Second, the teachers in the schools serving mainly poor and minority kids have figured out that, from an accountability standpoint, it does them no good to focus on the kids who are likely to pass the tests, because the school will get no credit for it. At the same time, it does them no good to focus on the kids who are not likely to pass no matter what the teacher does, because the school will get no credit for that either. As a result, the faculty has a big incentive to focus mainly on the kids who are just below the pass point, leaving the others to twist in the wind. This is not because they are bad people. They are simply doing what the accountability testing system forces them to do. But this means that the kids who need their teachers the most and the kids who with a little more attention could do much better don't get the attention they need.
So, how did we get here? Why are the civil rights groups fighting so hard for annual accountability testing when there is no evidence that it helps poor and minority kids, there is evidence that it hurts them and there are other, far less obtrusive ways to make sure that we know how poor and minority students are doing in school?
It turns out that there is one big interest that is well served by annual accountability testing. It is the interest of those who hold that the way to improve our schools is to fire the teachers whose students do not perform well on the tests. This is the mantra of the U.S. Department of Education under the Obama Administration. It is not possible to gather the data needed to fire teachers on the basis of their students' performance unless that data is gathered every year.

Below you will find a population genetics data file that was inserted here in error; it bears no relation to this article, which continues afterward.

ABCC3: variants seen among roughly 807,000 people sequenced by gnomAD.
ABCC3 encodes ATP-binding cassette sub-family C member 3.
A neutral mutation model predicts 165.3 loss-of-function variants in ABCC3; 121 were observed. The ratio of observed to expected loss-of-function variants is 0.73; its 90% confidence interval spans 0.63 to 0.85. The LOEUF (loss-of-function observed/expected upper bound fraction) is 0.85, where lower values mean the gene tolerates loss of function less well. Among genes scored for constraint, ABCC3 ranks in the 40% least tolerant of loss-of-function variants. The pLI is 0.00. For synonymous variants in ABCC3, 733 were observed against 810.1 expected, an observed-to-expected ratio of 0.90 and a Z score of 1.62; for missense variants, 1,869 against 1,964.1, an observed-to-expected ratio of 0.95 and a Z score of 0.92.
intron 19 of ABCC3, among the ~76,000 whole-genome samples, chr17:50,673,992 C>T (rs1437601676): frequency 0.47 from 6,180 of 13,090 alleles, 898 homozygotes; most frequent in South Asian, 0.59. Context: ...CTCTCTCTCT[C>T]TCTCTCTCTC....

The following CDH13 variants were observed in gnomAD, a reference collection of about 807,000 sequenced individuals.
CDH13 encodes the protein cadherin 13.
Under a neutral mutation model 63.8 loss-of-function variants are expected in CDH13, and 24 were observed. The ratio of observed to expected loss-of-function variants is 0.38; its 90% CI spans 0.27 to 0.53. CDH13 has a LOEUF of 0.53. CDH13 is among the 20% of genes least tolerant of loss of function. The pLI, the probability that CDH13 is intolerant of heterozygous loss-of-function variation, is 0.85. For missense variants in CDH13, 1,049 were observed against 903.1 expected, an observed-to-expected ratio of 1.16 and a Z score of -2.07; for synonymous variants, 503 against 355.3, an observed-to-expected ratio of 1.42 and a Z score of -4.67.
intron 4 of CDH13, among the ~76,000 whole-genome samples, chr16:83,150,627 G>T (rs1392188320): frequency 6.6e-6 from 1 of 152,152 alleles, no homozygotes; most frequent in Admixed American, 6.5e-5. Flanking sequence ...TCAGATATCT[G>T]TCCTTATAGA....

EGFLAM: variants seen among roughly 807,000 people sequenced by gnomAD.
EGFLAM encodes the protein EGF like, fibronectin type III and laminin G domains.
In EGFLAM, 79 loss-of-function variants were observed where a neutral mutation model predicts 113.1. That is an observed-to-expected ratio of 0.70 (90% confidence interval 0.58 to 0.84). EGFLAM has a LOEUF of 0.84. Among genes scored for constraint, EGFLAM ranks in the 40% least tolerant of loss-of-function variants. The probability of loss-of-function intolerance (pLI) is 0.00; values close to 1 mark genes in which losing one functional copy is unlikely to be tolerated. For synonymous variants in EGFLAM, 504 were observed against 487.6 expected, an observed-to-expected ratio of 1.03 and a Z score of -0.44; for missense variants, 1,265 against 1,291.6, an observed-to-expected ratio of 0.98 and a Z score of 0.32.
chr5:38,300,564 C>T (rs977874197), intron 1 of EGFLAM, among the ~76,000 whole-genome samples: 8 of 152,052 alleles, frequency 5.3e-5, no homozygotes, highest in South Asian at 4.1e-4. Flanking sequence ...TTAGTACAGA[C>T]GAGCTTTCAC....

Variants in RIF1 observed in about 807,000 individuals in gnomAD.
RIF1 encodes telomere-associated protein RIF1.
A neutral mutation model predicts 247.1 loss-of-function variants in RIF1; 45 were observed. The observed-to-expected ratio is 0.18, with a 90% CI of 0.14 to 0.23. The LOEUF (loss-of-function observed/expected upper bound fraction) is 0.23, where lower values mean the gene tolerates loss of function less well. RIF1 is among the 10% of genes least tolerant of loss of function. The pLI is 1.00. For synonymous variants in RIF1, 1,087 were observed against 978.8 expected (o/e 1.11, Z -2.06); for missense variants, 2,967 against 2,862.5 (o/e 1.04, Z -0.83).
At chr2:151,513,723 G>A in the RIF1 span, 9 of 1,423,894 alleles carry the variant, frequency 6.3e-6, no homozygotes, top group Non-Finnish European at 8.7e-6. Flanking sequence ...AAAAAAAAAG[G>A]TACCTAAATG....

The Obama Administration has managed to pit the teachers against the civil rights community on this issue and to put the teachers on the defensive. It is now said that the reason the teachers are opposing the civil rights community on annual testing is because they are seeking to evade responsibility for the performance of poor and minority students. The liberal press has bought this argument hook, line and sinker.
This is disingenuous and outrageous. Not only is it true that annual accountability testing does not improve the performance of poor and minority students, as I just explained, but it is also true that annual accountability testing is making a major contribution to the destruction of the quality of our teaching force.
Teachers are not opposed to annual accountability testing because they are enemies of their students' civil rights. They are opposed to annual accountability testing because it is being used to punish teachers in ways that are grossly unfair and singularly ineffective.
Many of the most highly respected American scholars have repeatedly pointed to serious methodological flaws in the systems being used to tie student performance to the work of individual teachers. These methods do not take into account the differences in the backgrounds of the students a teacher gets, the differences in the preparation of those students, the influence of the work of other teachers of the same students in the same grades and so on. The result is that a given teacher can be shown by the data to be a top performer one year and a lousy one the next. On the basis of such systems, some teachers are fired and others retained. One of the most important features of these accountability systems is that they operate in such a way as to make teachers of poor and minority students most vulnerable. And the result of that is that more and more capable teachers are much less likely to teach in schools serving poor and minority students. How, I want to know, is this helping the students the civil rights community is trying to help?
Applications to our schools of education are plummeting and deans of education are reporting that one of the reasons is that high school graduates who have alternatives are not selecting teaching because it looks like a battleground, a battleground created by the heavy-handed accountability systems promoted by the U.S. Department of Education and sustained by annual accountability testing.
It is, in my view, time for the civil rights community to rethink its position.